Published on July 18, 2004 By Parvin In Ancient
The statues of Easter Island
Easter Island is renowned for the nine hundred massive carved statues known as Moai, some weighing more than fifty tons.

Located 2200 miles due west of Chili and 1200 miles east of Pitcairn Island, is a sixty-three square mile island formed eons ago by two volcanoes. Because a Dutch seaman, Jacob Roggeveen, came upon it on Easter Day, 1722, we know it on our maps as Easter Island. Polynesians know it as Rapa Nui.


By either name, Easter Island is renowned for the nine hundred massive carved statues known as

Moai, some weighing more than fifty tons, which were erected centuries before lookouts on the Dutch ship spotted this speck alone on the Pacific

horizon.


Modern DNA testing and carbon dating have answered many of the mysterious questions that

have swirled over the history of the islands early inhabitants and their seeming passion for

constructing stone statues, all fundamentally the same in appearance.


At that time the island was very hospitable. Fish and birds were plentiful, as was edible plant life. Much of the island was thickly forested, provided excellent habitat for the birds, as well as rich soil for the plant life. If anything, life on the island was too good. Moreover, it was finite. Rich as the natural resources were, over-population, probably, resulted in their substantial depletion. Pollen records indicate the forests were endangered by 800 AD and likely disappeared in the 1400's.


Most of the Moai were sculpted between 1000 and 1500 AD. The timber likely utilized to move

them from their quarries on specially built roads could have resulted in the exhaustion of the

forests. This may explain why almost half of the Moai were still in the quarries. Speculation also

suggests that those in the quarries were somehow imperfect, therefore simply abandoned.


The largest Moai, found incomplete in a quarry, was 72 feet long and estimated to weigh 165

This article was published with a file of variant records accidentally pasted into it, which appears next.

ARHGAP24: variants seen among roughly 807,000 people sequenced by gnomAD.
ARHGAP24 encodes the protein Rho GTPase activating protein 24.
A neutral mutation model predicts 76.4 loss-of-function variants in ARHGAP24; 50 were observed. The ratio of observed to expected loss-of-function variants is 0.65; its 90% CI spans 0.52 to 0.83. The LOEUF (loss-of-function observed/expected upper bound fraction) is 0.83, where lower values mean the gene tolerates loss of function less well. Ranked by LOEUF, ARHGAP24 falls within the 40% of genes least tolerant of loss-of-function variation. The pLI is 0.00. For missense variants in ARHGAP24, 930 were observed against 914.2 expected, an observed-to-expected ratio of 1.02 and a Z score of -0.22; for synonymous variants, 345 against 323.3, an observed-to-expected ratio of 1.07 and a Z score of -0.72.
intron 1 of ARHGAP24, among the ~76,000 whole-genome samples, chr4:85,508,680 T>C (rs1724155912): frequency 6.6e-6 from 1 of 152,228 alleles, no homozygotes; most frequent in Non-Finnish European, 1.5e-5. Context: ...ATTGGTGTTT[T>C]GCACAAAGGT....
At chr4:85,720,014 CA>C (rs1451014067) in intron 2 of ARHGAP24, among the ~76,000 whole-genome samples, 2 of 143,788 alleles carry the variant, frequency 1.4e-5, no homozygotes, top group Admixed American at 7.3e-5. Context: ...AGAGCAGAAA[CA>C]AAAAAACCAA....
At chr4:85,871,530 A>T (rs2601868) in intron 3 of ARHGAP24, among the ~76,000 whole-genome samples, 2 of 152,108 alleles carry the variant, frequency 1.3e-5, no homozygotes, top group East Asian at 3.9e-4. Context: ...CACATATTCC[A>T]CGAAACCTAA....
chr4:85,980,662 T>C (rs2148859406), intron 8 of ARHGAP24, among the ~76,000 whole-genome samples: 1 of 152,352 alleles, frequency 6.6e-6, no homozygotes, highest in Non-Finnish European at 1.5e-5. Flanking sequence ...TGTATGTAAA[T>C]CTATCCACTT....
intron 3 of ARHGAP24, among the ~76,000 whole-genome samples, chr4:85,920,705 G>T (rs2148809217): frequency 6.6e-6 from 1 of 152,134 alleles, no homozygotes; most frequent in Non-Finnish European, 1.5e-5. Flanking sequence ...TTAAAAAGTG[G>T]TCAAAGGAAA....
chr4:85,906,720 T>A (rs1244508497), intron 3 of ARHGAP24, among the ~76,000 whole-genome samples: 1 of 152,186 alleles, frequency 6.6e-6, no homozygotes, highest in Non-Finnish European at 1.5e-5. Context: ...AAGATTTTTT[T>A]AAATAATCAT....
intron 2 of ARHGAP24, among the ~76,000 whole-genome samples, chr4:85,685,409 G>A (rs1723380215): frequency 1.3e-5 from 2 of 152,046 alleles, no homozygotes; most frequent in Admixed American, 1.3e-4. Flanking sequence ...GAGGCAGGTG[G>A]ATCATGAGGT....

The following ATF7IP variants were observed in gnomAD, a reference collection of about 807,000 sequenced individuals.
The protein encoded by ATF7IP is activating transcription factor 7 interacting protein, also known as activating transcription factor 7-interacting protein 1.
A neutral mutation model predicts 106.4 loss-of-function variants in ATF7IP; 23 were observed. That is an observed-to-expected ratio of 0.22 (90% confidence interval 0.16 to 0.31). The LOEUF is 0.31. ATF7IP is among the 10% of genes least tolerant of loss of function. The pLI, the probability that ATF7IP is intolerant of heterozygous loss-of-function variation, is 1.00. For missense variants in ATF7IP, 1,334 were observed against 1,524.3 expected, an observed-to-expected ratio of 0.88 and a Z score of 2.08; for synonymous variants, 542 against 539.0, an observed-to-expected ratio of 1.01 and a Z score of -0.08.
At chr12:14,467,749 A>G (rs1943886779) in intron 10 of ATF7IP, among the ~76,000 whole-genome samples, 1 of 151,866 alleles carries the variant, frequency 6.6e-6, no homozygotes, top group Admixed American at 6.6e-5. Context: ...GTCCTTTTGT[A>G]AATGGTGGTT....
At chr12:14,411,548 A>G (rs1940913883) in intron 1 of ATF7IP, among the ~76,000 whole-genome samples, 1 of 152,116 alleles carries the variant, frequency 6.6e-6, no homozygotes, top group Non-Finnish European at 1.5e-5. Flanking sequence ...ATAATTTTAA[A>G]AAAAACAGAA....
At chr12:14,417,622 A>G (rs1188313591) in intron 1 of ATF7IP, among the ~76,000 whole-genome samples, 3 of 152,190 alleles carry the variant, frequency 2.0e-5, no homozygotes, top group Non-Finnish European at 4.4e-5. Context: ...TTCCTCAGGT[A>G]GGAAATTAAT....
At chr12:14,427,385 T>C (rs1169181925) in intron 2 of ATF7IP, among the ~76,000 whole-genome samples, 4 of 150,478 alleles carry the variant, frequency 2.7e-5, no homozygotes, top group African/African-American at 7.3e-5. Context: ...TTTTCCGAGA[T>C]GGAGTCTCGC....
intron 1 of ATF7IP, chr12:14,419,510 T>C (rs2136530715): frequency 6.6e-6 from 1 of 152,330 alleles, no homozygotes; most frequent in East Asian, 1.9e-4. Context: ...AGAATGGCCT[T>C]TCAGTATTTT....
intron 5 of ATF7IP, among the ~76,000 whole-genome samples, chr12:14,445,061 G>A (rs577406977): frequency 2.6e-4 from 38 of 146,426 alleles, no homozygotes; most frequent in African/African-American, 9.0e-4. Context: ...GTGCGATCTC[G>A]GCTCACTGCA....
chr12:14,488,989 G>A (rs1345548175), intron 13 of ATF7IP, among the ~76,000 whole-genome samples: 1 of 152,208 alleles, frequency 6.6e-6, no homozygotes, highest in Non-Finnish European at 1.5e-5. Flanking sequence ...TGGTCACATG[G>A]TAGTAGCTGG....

tons. Interestingly, an early researcher put its size at 65 feet and its weight at 270 tons. Of the two hundred which were actually erected, the largest was about 33 feet tall and weighed

about 80 tons.


In 1722, the Dutch sailors were able to see the erect Moai. Many were concentrated near the

islands southeast coast and all faced inland. But in the same century, inhabitants began toppling each others Moai. An 1864 visitor noted in his journal that not a single Moai remained standing.


The significance of the Moai to the islanders remains conjectural. Statue cults were in existence throughout Polynesia in similar, though not such extreme, forms. The statues were representative of authority and position, and their pedestals, called "ahu", were ceremonial sites wherein resided a living spirit, mana. That all of the statues, except for height, had the same physiognomy suggests they had vested spiritual importance.


Polynesian oral history talks of clan violence on Rapa Nui, in part manifest by the toppling of

Moai, likely considered a supreme desecration. Given the depletion of resources on the island and

its profound isolation from other islands and people, internecine aggression would not be a

surprise.


No commentary about Easter Island would be complete without Thor Heyerdahls theory of its

population by ocean travelers from Peru. While DNA testing has generally disproved his theory,

some artifactual evidence found on Easter Island leaves some questions unanswered. These include items of similar design, even to the design and materials used in ocean-going canoes.


Easter Island today continues to attract visitors. Some of the Moai have been re-erected, mostly by the modern means of cranes and cables. Even those that remain, where they were toppled,

continue to be imposing; silent symbols, perhaps of an island paradise gone awry, or perhaps

something more.


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